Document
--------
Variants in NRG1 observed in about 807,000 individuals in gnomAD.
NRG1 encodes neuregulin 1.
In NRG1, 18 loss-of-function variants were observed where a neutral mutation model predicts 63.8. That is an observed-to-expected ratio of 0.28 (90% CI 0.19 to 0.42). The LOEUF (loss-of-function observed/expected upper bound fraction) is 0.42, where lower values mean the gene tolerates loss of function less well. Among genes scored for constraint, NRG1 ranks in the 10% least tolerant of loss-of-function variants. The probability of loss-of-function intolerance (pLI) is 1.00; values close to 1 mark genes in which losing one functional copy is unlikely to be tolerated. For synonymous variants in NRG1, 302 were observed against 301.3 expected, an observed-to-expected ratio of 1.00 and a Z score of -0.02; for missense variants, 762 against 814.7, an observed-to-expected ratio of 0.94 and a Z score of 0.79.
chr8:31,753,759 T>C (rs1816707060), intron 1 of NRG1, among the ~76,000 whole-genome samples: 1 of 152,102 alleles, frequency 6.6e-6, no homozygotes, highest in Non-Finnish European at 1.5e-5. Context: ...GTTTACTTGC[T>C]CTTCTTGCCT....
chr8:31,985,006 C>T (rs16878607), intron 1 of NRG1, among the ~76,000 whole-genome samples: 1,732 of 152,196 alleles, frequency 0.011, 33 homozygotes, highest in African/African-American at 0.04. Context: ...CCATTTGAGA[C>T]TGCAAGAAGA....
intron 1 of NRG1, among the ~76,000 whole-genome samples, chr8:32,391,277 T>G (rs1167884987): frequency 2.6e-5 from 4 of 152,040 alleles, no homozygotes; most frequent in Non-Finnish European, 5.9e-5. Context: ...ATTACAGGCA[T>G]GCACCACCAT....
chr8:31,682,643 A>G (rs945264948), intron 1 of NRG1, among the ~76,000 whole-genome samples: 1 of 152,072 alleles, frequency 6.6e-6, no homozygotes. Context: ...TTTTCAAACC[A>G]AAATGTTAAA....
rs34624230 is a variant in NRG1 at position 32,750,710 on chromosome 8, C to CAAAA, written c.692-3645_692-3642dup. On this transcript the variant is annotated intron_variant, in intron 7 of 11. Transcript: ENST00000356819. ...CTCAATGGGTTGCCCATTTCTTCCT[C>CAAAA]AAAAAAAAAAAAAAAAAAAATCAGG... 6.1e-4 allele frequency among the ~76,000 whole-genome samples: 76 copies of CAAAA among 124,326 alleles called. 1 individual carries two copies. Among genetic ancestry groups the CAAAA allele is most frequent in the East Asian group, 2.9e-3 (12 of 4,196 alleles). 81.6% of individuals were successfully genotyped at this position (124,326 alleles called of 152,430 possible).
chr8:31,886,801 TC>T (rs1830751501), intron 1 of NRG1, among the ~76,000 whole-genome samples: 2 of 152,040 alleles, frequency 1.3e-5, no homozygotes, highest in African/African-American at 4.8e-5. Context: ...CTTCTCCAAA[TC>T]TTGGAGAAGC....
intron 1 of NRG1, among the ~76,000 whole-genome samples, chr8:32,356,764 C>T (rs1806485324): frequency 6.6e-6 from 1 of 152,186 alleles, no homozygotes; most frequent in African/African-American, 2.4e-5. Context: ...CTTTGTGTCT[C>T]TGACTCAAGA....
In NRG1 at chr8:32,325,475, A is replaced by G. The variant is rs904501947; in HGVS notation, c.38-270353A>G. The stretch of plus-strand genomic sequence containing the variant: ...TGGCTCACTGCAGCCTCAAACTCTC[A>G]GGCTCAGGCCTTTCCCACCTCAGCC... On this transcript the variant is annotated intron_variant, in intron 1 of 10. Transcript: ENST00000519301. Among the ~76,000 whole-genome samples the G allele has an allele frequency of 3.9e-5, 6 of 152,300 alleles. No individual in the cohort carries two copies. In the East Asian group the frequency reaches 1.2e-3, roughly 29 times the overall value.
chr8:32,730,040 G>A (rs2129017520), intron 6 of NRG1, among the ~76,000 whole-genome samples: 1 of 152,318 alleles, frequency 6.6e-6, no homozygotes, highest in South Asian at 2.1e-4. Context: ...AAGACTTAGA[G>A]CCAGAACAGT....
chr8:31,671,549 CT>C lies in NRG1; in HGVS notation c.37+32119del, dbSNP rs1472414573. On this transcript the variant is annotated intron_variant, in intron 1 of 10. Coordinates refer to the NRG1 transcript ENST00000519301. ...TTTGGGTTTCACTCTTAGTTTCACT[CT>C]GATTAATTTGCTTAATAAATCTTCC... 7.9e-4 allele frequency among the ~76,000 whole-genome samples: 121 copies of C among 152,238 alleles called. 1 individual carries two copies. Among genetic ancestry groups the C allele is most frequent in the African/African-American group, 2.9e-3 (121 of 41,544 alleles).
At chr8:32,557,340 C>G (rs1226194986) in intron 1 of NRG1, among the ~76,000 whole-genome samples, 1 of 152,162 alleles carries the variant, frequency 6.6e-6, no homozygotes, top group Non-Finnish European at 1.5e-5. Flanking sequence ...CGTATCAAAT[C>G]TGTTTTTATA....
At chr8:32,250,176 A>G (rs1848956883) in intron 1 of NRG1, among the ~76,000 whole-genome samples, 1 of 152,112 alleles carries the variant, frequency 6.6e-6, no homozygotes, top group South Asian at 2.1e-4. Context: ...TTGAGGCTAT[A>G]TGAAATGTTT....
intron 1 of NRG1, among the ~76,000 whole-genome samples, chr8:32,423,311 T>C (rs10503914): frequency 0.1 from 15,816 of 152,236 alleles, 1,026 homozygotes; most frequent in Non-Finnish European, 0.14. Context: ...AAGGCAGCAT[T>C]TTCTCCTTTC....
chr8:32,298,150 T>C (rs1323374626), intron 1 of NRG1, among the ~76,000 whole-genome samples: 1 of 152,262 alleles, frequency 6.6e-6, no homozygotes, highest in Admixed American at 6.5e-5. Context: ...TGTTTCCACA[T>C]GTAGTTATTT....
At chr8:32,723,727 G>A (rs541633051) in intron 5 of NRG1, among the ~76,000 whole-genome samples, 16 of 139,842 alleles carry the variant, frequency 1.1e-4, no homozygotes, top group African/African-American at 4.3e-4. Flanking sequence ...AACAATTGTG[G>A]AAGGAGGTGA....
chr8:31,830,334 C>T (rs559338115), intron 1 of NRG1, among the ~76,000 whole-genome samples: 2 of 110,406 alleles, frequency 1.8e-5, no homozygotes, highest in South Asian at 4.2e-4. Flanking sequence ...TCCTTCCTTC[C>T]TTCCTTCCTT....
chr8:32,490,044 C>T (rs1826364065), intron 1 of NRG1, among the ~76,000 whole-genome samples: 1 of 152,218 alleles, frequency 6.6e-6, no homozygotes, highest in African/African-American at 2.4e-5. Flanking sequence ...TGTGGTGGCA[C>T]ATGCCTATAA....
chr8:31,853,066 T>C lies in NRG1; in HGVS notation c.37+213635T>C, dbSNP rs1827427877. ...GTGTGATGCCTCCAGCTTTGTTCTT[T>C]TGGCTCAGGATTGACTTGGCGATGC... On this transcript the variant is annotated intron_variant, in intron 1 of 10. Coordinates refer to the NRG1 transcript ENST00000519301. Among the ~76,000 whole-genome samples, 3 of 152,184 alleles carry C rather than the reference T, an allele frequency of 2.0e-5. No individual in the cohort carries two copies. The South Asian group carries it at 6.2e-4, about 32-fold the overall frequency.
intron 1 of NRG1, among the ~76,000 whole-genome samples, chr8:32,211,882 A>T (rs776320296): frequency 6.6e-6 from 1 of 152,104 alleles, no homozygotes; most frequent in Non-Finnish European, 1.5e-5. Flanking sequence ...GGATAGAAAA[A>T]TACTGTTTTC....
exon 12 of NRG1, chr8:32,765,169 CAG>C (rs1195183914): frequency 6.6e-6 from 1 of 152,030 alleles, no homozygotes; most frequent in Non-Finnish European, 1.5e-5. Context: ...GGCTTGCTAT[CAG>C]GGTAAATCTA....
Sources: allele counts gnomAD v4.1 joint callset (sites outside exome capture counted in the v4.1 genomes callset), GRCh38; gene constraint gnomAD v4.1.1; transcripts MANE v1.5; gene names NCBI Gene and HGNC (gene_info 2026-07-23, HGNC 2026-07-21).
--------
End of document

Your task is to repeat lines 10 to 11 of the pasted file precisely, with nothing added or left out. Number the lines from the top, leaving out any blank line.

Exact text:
intron 1 of NRG1, among the ~76,000 whole-genome samples, chr8:32,356,764 C>T (rs1806485324): frequency 6.6e-6 from 1 of 152,186 alleles, no homozygotes; most frequent in African/African-American, 2.4e-5. Context: ...CTTTGTGTCT[C>T]TGACTCAAGA....
In NRG1 at chr8:32,325,475, A is replaced by G. The variant is rs904501947; in HGVS notation, c.38-270353A>G. The stretch of plus-strand genomic sequence containing the variant: ...TGGCTCACTGCAGCCTCAAACTCTC[A>G]GGCTCAGGCCTTTCCCACCTCAGCC... On this transcript the variant is annotated intron_variant, in intron 1 of 10. Transcript: ENST00000519301. Among the ~76,000 whole-genome samples the G allele has an allele frequency of 3.9e-5, 6 of 152,300 alleles. No individual in the cohort carries two copies. In the East Asian group the frequency reaches 1.2e-3, roughly 29 times the overall value.